The creative heritage of America’s southernmost city, Key West, centers on its literary legacy — a legacy built painstakingly by some past residents one play, book, poem or short story at a time. One such contributor was legendary gay playwright Tennessee Williams. The literary giant had close ties with the Key West community, first visiting the island in 1941 and subsequently buying a home where he lived until his death in 1983.
Tennessee Williams stands on the front porch of his Key West home at 1431 Duncan Street. (Photo courtesy of the Ida Woodward Barron Collection/Monroe County Public Library)
So it’s not surprising that he’s being honored with a series of events celebrating what would have been his 111th birthday (which falls on March 26) throughout the month of March in Key West.
Williams’ fans can explore the genius behind the iconic playwright’s work during Key West’s annual Tennessee Williams Birthday Celebration, with events continuing through a “grand finale” birthday bash and fundraiser set for April 1 at the Tennessee Williams Museum (513 Truman Ave.).
The intriguing and informative celebratory activities are presented by the founders of the Tennessee Williams Key West Exhibit, the museum’s critically acclaimed predecessor, and the Key West Art & Historical Society that operates the museum.
Activities this year include a reading of Williams’ poetry and prose produced by Key West’s Fringe Theater, showings of films based on his plays, Waterfront Playhouse’s one-night-only presentation of the playwright’s “This Property Is Condemned,” and poetry and short story writing contests in his honor. (For links to contest entry information and guidelines, click here.)
Celebration highlights include guided tours of the Williams museum on March 17 and 26 led by co-founder and museum curator Dennis Beaver, touching on topics that include the Key West filming of “The Rose Tattoo.” I’ve had the privilege of joining Dennis for tours, and he will make you feel like you’re going back in time and reliving Williams’ colorful life on the island.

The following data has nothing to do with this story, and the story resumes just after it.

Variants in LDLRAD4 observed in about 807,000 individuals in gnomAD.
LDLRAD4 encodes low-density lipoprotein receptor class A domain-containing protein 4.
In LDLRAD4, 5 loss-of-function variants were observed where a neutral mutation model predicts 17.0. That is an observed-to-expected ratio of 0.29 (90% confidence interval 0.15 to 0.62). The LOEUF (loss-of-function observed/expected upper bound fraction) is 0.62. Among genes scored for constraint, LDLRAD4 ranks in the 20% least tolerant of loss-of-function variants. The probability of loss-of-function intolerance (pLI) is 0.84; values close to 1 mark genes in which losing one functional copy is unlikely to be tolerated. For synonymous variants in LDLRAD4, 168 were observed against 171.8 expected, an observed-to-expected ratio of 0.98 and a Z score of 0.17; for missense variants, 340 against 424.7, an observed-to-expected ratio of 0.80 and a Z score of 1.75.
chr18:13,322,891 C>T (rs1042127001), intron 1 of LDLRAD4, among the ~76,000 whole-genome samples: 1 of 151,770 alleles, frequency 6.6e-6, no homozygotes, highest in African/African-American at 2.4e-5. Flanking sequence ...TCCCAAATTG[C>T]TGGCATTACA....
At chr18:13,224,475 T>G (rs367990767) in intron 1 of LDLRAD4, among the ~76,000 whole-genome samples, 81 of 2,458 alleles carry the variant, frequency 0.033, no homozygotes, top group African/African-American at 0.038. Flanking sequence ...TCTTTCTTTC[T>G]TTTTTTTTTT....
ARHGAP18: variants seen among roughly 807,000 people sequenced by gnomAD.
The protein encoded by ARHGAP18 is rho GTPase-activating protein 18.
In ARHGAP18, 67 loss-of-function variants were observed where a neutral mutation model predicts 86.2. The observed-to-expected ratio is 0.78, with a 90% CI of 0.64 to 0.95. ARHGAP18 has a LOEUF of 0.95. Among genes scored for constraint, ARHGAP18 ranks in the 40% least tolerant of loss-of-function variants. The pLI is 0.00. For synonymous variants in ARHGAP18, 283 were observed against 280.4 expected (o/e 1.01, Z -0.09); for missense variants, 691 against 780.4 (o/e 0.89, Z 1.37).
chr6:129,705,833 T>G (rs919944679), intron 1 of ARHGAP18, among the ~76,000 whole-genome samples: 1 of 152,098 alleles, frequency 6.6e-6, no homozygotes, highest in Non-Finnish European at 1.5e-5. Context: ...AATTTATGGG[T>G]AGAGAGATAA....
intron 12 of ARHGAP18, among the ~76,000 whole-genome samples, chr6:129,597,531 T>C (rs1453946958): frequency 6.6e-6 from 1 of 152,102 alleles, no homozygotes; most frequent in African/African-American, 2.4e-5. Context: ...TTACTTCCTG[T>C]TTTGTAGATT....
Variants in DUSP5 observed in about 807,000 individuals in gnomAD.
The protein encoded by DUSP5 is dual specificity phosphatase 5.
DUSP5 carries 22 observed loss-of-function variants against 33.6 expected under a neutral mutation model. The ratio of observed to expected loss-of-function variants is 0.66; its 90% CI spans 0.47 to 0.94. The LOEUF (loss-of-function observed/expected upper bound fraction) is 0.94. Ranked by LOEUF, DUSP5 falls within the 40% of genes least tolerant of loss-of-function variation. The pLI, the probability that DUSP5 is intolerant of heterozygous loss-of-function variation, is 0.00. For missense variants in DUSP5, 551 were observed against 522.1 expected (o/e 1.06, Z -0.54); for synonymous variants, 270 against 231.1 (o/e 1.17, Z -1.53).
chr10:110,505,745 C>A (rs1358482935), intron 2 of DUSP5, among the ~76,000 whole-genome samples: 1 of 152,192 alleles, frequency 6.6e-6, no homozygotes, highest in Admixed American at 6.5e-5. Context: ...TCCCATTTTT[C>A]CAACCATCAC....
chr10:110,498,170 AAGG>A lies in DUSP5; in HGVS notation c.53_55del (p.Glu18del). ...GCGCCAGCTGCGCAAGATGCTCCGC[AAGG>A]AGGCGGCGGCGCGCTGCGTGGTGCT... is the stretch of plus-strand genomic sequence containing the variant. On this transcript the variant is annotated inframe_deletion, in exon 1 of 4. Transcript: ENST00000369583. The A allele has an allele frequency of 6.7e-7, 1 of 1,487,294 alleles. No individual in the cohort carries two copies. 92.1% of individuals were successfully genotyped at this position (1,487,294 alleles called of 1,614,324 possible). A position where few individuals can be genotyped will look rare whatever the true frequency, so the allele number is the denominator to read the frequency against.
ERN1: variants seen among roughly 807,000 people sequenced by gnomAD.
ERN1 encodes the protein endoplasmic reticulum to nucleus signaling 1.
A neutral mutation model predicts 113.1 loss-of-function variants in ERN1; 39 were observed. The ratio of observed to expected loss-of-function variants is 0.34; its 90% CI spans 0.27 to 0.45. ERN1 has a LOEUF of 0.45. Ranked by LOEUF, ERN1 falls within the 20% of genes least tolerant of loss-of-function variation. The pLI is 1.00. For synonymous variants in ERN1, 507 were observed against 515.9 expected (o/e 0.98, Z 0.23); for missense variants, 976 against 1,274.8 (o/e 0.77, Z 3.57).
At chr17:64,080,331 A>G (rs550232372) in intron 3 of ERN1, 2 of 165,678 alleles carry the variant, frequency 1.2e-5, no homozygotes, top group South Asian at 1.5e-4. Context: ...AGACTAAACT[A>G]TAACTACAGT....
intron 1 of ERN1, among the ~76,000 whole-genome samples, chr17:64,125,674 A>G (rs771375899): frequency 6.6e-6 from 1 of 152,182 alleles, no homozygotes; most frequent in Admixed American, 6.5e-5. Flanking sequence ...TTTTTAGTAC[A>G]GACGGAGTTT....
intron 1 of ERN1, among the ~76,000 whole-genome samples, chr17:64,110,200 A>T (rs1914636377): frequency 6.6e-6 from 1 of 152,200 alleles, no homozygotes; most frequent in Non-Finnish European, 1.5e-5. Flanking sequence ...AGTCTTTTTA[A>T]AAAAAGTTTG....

After taking a tour with Dennis, I highly recommend you do some additional exploring of the unique museum. There are so many opportunities to learn about Tennessee’s long years in Key West! You’ll find an extensive collection of photographs (mostly taken on the island), first-edition books, plays and even a typewriter used by Williams when he lived in Key West.
Curator Dennis Beaver shows visitors some of the exhibits at the Tennessee Williams Museum in Key West. (Photo courtesy of the Key West Art & Historical Society)
There’s also a print of an original painting he completed at age 17, one of his college yearbooks featuring a poem he wrote and a gorgeous artist-crafted model of his Key West home.
Now, back to the actual birthday celebrations. Have you missed going to the movies during the pandemic? If you’re ready for films again (accompanied by some mouth-watering popcorn slathered in butter, and maybe a box or two of Junior Mints), you’re in luck. The March birthday festivities will include evening showings of classic movies based on Williams’ award-winning plays, including “The Night of the Iguana,” “Baby Doll” and “Summer and Smoke,” at the Tropic Cinema.
On April 1, the celebration comes to a close with a belated birthday soiree and fundraiser set for 5-7 p.m. at the Tennessee Williams Museum. Attendees can expect champagne — and birthday cake, of course! Winners of the short story and poetry contests will be revealed at the party and will give readings of their work.
If you’re unable to attend the fundraiser and would like to donate, click here. Museum curator Dennis Beaver likes to remind his supporters, “As Blanche says in ‘A Streetcar Named Desire,’ we depend on the kindness of strangers — and friends as well.”
Do you have a birthday or special occasion of your own that you’d love to celebrate in the Florida Keys & Key West? Rest assured that, no matter when you decide to visit the island chain, we’re always ready to welcome you with fun-filled activities and events.
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